I attended both the Tourism Alliance Board meeting and their afternoon policy briefing session in London yesterday. Points of possible interest to colleagues that I took away from the meetings and conversations at the fringes include:
Sector Deal. Negotiations with Government continue; it’s not over the line yet but with luck it could be and possibly even quite soon. Skills, business visits and events and the creation of a number of “tourism zones” are now the key components. Connectivity, one of the original pillars of the consultation with industry, appears to have diminished in its profile, if not disappeared entirely. Previous assurances that any Tourism Sector Deal wouldn’t become the sole focus for future relationships between the Westminster Government and the tourism industry also appear to have weakened; there is now talk of the Sector Deal “replacing” the existing 5 point plan/ tourism strategy. It may be just a matter of semantics but nonetheless, it is a source of concern since the Sector Deal components alone don’t come anywhere near to addressing the full range of needs and the problems requiring government intervention within such a large and diverse “industry” as “tourism”.
The strategic objective remains to get the principles of a sector deal approved by Government and then deal with the fine detail during the subsequent negotiations which will inevitable follow between any headline approval and the actual start date for implementation of any deal agreed. In being persuaded to support this approach I sincerely hope that we don’t inadvertently find ourselves corralled and with a definitive Deal that doesn’t necessarily support the full range of the needs of much of our industry.
Forthcoming CSR. The Westminster Government has just started year 4 of the current 5 year financial cycle and, as confirmed by the PM in January, there will be a full Comprehensive Spending Review undertaken in 2019 designed to set departmental budgets for the next 5 year period commencing April 2020. The CSR gives us a fleeting opportunity to help set priorities and shape national conditions for UK tourism up to 2025 and critically (if we broadly all agree) to press the case within that for adequate resource (at least the same and preferably more) for VisitBritain and, as currently constituted, for VisitEngland within VB. We could of course also use this opportunity to seek to a return to a more (totally?) independently structured VE and/or for a return to a much stronger domestic, tourism development and a domestic marketing role for it, either within or without the current VB structure.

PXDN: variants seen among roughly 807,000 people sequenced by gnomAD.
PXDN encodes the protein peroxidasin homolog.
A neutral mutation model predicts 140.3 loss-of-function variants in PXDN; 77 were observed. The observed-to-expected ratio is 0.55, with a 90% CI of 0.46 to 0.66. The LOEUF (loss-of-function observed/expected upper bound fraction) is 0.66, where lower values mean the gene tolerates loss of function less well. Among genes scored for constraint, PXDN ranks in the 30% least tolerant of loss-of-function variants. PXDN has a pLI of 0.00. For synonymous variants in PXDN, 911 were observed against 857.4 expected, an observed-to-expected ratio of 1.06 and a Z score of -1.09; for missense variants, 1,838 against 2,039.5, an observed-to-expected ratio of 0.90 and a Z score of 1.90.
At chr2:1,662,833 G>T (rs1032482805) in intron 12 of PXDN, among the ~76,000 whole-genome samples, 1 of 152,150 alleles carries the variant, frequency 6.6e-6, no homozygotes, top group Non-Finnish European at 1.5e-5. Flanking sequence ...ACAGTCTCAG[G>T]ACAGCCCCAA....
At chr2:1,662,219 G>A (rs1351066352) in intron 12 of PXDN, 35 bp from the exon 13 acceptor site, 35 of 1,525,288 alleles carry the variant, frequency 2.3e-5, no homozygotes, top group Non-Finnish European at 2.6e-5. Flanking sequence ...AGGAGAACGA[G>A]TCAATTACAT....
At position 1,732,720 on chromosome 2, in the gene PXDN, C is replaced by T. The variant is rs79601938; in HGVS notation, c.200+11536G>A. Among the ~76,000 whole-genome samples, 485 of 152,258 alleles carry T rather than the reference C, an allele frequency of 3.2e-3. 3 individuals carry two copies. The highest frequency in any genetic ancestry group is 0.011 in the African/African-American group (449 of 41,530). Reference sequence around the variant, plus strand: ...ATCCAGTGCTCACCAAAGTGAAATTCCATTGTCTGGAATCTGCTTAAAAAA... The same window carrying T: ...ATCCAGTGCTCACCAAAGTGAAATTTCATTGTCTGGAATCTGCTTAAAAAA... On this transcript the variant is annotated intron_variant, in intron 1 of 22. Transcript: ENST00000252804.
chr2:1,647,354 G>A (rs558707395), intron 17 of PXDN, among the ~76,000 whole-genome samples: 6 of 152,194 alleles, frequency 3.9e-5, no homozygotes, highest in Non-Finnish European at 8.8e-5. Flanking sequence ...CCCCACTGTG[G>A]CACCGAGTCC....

We do need to be mindful that the CSR negotiations are multi layered. There is a case to be made to DCMS about tourism. There is then the case to be made to Treasury by DCMS regarding funding for their full portfolio of digital, culture, heritage, media, sport and tourism and then the subsequent negotiations, post the CSR announcements regarding who gets what from DCMS’s actually annual allocation and how they then prioritise the competing demands for the usually smaller amounts made available to them. The bigger the ask and the higher the associated cost, the less likely we are to get it.
In all of this I would also seek your agreement to lobby strongly for the protection, if not enhancement, of certain specific VB/VE roles and functions, most notably the collection, interpretation and presentation of national domestic, international tourism and day visitor research and statistics. There are certain things that nationally we can muddle through without or botch together. We know this largely because successive budget cuts and reorganisations have forced us to do just that, off and on, over the last 25 plus years. However, the coordination, production of timely, continuous, comparable national statistics isn’t one of those areas we can possible fudge and it is therefore an area that needs to be robustly defended.
GBTS/IPS data delays. There has apparently been a glitch with GBTS following the move to online data collection. It seems likely that full 2017 year data and any outstanding late 2017 early 2018 monthly’s data sets may not now be published until July or later. Similar issue may be developing with IPS as its collection has also recently moved online. VB and its National Tourist Board partners are working with their contractors to rectify the problems at the earliest opportunity. Clearly getting the statistics correct and resolving any underlying collection or analysis issues, is far more important than getting the data published sooner, regardless.
I think we can be reassured that the problem is in very safe hands and is being dealt with, albeit that it does means that some national data and any local full year 2017 data, that is either partly derived from or calibrated with GBTS/IPS may now also be delayed.
Package Travel Regulation. The revised EU PTR comes into force in the UK and indeed across the rest of Europe in July of this year. In essence it introduces a wider definition of what constitutes a package, introduces a new category of package covered by the regulation, the “Linked Travel Arrangements”, and it requires businesses to inform customers of whether or not the goods and services they are offering are protected by PTR. Currently there is much that isn’t protected that customers might naturally assume is covered.